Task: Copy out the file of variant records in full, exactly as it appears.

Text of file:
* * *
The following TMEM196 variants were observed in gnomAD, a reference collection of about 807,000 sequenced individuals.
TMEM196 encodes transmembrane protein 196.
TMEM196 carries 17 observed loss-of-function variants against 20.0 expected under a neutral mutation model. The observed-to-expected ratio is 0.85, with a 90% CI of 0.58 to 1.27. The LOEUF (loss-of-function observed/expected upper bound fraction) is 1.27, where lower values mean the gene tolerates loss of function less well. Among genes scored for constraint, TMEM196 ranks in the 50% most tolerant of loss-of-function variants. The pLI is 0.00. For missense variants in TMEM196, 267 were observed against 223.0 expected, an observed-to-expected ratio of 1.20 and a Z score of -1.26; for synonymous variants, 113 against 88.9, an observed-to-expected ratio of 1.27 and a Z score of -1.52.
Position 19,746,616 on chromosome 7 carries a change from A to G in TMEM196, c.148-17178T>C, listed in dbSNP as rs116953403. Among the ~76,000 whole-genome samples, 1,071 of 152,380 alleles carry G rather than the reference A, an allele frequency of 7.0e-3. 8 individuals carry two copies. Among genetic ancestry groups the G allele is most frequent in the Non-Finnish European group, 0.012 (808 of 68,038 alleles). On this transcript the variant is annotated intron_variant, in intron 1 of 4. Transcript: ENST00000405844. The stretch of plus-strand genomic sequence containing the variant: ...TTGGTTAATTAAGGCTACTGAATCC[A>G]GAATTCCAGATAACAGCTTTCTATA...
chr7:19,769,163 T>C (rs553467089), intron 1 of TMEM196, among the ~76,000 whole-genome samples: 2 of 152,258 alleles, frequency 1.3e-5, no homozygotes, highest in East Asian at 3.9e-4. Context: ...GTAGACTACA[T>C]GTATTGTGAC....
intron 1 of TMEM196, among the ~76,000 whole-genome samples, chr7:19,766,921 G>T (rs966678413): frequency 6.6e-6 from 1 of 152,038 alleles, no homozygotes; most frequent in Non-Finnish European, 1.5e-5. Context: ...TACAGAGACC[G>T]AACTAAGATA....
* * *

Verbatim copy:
The following TMEM196 variants were observed in gnomAD, a reference collection of about 807,000 sequenced individuals.
TMEM196 encodes transmembrane protein 196.
TMEM196 carries 17 observed loss-of-function variants against 20.0 expected under a neutral mutation model. The observed-to-expected ratio is 0.85, with a 90% CI of 0.58 to 1.27. The LOEUF (loss-of-function observed/expected upper bound fraction) is 1.27, where lower values mean the gene tolerates loss of function less well. Among genes scored for constraint, TMEM196 ranks in the 50% most tolerant of loss-of-function variants. The pLI is 0.00. For missense variants in TMEM196, 267 were observed against 223.0 expected, an observed-to-expected ratio of 1.20 and a Z score of -1.26; for synonymous variants, 113 against 88.9, an observed-to-expected ratio of 1.27 and a Z score of -1.52.
Position 19,746,616 on chromosome 7 carries a change from A to G in TMEM196, c.148-17178T>C, listed in dbSNP as rs116953403. Among the ~76,000 whole-genome samples, 1,071 of 152,380 alleles carry G rather than the reference A, an allele frequency of 7.0e-3. 8 individuals carry two copies. Among genetic ancestry groups the G allele is most frequent in the Non-Finnish European group, 0.012 (808 of 68,038 alleles). On this transcript the variant is annotated intron_variant, in intron 1 of 4. Transcript: ENST00000405844. The stretch of plus-strand genomic sequence containing the variant: ...TTGGTTAATTAAGGCTACTGAATCC[A>G]GAATTCCAGATAACAGCTTTCTATA...
chr7:19,769,163 T>C (rs553467089), intron 1 of TMEM196, among the ~76,000 whole-genome samples: 2 of 152,258 alleles, frequency 1.3e-5, no homozygotes, highest in East Asian at 3.9e-4. Context: ...GTAGACTACA[T>C]GTATTGTGAC....
intron 1 of TMEM196, among the ~76,000 whole-genome samples, chr7:19,766,921 G>T (rs966678413): frequency 6.6e-6 from 1 of 152,038 alleles, no homozygotes; most frequent in Non-Finnish European, 1.5e-5. Context: ...TACAGAGACC[G>T]AACTAAGATA....